The UFC managed to add additional hype to the upcoming UFC 200 by getting the WWE’s Brock Lesnar for a one-night event. He’ll likely be headed back to wrestling regardless of the outcome of his July 9 bout. I really wish he could take CM Punk with him. Of course, that would be the most optimistic outcome.
Personally, I think CM Punk may be best served by retiring altogether.
— BBC Sport (@BBCSport) June 24, 2016
How things have changed since December 2014, back when TMZ Sports first hinted at CM Punk’s move. It was confirmed by ESPN a short while later. At the time, there was so much excitement — mixed with a bit of resentment that just another “fake wrestler” was making the leap.
The plan was to have CM Punk formally debut in 2015. Great! But then it didn’t happen. Heck, it still hasn’t happened. It took about a year and a half for fight fans to have any idea what a CM Punk debut would look like. The former wrestler, whose real name is Phil Brooks, is supposed to meet 2-0 fighter Mickey Gall at UFC 203. It sounds good on paper, but real world events are not making me confident Punk will debut at that time.
— SEScoops (@sescoops) June 22, 2016
CM Punk has no fight experience, and word has leaked via WrestleZone that he’s struggling with training. Punk’s also coping with injury concerns and an aging body. No, that’s not me being ageist; that’s me being a realist. Sure, there are fighters older than Punk currently fighting under contract with the UFC… but these fighters have years, even decades of fight experience to fall back on.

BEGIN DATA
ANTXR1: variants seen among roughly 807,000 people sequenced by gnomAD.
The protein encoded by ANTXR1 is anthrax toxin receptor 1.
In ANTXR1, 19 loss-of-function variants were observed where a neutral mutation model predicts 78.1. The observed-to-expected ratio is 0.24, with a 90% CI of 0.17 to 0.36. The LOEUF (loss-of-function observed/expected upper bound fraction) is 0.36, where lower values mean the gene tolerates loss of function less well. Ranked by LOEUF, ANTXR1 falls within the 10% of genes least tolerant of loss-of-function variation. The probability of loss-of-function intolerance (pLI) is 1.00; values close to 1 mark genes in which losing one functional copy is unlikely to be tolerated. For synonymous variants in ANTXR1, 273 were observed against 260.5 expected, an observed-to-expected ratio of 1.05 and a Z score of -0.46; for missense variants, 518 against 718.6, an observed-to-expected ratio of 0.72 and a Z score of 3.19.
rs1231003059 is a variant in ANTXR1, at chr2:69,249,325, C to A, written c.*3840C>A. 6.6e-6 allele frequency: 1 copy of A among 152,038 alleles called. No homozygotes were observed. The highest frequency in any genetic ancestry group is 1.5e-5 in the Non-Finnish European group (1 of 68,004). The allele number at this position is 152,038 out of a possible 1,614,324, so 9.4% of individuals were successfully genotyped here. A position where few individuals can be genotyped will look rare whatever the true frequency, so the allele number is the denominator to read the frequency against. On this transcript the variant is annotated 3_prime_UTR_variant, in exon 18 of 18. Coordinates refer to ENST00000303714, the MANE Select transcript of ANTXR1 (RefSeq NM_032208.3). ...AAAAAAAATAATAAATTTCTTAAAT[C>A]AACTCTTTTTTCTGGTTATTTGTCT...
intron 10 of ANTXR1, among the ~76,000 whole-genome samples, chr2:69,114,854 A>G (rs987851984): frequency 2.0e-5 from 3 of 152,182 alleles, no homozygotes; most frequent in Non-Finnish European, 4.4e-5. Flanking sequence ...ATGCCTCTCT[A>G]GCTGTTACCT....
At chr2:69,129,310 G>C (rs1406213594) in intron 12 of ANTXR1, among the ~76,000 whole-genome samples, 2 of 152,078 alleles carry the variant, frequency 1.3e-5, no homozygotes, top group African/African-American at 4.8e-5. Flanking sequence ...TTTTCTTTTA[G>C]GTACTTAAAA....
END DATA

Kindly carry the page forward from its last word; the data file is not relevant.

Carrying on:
We’re not exactly talking about an aging gladiator going out to take on a younger warrior. No, we’re talking about someone with a broken body and no experience about to be thrown to the lions. The first scenario at least seems almost romantic in a way. The second? Utter cruelty.
— FOX Sports: UFC (@UFCONFOX) June 26, 2016
CM Punk would certainly not back down from this event. He seems like someone who’s genuinely a fan of MMA, even though he waited a very long time before trying to make this dream happen. It’s something he wants, even if it could really see him hurt.
As Inquisitr writer Aric Mitchell observed, “The problem there is that a 10-second takeout of Brooks by Gall would effectively devalue the CM Punk brand.” While Mitchell believes that Punk might pull out before the event and leave the UFC if he truly wants to avoid being humiliated, I’m worried that’s not the case. What if CM Punk feels that walking away from the UFC before fighting once in the two years he signed is the bigger risk?
We’re all counting on CM Punk to recognize his debut is a lost cause and to have the good sense to walk away. His body has repeatedly told him what it can’t do, both in the form of difficulty training and the required back surgery. These are signs — massive signs — that Punk’s elected to ignore.
Mickey Gall opens as considerable favorite against CM Punk at UFC 203 https://t.co/RpCq8ux5Wz
— Bloody Elbow (@BloodyElbow) June 26, 2016
But then, this was never really about CM Punk and his imagined last hurrah — this was about the UFC attempting to siphon off a valuable resource from rival WWE to add a bit of hype to the MMA company at a time where it was perceived useful. Yet the landscape has changed since Christmas 2014. As we look ahead to UFC 200, CM Punk isn’t a factor. The only WWE star with the potential to make a dent in the UFC at the moment is Brock Lesnar, and this would be his second.
As for CM Punk, most expect him to lose and lose badly. My concerns go beyond victory or defeat. I don’t see this fight aiding either the UFC brand or CM Punk’s personal brand. It’s a failed experiment that has shed its relevancy in the grand scheme of things. Even worse, I’m not sure Punk’s body could take the battering he’d likely receive.
For all parties concerned, I think it would be best to scrap the entire thing.
But what do you think? Should CM Punk debut or should the UFC 203 match be canceled? Share your thoughts below!
[AP Photo/Evan Agostini]